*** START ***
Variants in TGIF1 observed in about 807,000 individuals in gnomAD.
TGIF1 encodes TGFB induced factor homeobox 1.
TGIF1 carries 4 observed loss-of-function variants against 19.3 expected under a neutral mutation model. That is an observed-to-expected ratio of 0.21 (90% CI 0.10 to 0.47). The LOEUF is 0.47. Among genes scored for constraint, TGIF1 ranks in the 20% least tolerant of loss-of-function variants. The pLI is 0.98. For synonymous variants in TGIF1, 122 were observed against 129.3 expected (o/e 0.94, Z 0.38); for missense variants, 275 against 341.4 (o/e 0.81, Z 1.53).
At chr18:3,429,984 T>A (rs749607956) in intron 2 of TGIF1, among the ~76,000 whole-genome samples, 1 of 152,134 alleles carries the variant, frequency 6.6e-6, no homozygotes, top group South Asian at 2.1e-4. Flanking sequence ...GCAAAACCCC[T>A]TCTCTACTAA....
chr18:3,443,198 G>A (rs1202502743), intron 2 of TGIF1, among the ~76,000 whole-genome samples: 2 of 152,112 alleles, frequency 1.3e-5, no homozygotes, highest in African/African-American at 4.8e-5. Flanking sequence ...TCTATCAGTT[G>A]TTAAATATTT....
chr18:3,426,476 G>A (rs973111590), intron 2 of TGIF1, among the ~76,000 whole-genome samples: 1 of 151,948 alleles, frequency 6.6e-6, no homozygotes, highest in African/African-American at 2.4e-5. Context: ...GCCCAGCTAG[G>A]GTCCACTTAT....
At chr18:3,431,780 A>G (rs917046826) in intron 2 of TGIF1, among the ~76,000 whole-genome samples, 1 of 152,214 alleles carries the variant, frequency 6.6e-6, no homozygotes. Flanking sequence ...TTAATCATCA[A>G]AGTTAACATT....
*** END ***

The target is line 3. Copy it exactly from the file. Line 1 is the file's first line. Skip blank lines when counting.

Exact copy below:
TGIF1 carries 4 observed loss-of-function variants against 19.3 expected under a neutral mutation model. That is an observed-to-expected ratio of 0.21 (90% CI 0.10 to 0.47). The LOEUF is 0.47. Among genes scored for constraint, TGIF1 ranks in the 20% least tolerant of loss-of-function variants. The pLI is 0.98. For synonymous variants in TGIF1, 122 were observed against 129.3 expected (o/e 0.94, Z 0.38); for missense variants, 275 against 341.4 (o/e 0.81, Z 1.53).